Anyone can light a candle,
But not the way that you do.
For the past couple of weeks, my husband Henry has put in a lot of time networking, in connection with a coalition of other churches and denominations, to raise funds, supplies and “boots on the ground” to help the people of Columbus, New Mexico recover from a microburst (a small tornado) which caused significant damage to 71 homes in this tiny border town. His work is helping to light a candle or two in the darkness of despair that many people in this town are feeling. With an unemployment rate of 53% and many of the residents undocumented, standard types of assistance, such as loans (which cannot be repaid if one is unemployed) and offers that come with paperwork-strings attached (which no undocumented person would dare to fill out), are of no value for these people.
Before embarking upon his ordained ministry, Henry spent many years working for the Commonwealth of Massachusetts, where he learned how to work within complex, bureaucratic systems and be persistent until he was able to find creative, and often innovative, solutions. This makes him uniquely qualified to help out in this endeavor, wearing both his clergy shirt and his bureaucratic hat.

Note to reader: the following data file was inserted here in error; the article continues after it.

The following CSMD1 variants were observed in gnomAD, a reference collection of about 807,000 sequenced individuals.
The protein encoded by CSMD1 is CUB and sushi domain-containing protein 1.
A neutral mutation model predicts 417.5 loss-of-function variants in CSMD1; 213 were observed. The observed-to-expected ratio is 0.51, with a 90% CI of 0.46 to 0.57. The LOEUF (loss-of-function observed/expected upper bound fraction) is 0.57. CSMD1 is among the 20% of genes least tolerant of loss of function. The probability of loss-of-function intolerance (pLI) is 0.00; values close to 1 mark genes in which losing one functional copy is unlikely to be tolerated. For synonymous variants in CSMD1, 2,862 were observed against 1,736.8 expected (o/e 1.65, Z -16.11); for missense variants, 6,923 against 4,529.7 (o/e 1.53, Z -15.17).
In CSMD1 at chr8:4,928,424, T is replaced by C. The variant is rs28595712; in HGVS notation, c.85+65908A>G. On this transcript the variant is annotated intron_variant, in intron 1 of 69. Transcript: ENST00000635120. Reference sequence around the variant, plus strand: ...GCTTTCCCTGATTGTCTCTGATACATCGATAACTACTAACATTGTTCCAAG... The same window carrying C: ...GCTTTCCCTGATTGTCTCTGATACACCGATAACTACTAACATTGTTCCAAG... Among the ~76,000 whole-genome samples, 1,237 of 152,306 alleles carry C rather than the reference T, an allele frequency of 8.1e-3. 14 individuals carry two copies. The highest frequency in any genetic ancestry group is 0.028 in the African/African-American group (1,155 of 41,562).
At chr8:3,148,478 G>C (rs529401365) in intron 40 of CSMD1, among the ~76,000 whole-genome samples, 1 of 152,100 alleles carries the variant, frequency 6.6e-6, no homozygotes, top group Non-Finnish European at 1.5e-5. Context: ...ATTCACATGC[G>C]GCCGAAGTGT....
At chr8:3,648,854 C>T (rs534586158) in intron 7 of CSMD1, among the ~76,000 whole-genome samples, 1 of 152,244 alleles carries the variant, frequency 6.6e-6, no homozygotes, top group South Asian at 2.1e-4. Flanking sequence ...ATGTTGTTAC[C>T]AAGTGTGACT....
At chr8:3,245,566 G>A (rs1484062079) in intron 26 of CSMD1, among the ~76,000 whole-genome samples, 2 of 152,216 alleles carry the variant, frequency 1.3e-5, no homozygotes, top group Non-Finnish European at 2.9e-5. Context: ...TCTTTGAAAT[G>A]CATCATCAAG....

I could light this candle, but it would not have the same effect. I do not have these skills, this experience, or this vast reservoir of patience and perseverance. My talents lie more in supporting Henry, and others like him who are doing this work, with my spiritual guidance, prayers, encouragement and support. I can articulate what is going on in places like this blog, and edit Henry’s letters to help him get his message out more clearly.
Every one of us has a unique blend of learned skills, innate talents and practical experience. Every one of us knows how to light a candle—but there are millions of candles that need to be lit, and there are candles that each of us are uniquely qualified to light.
What are your candles?
Click here to learn more about Columbus and the needs there.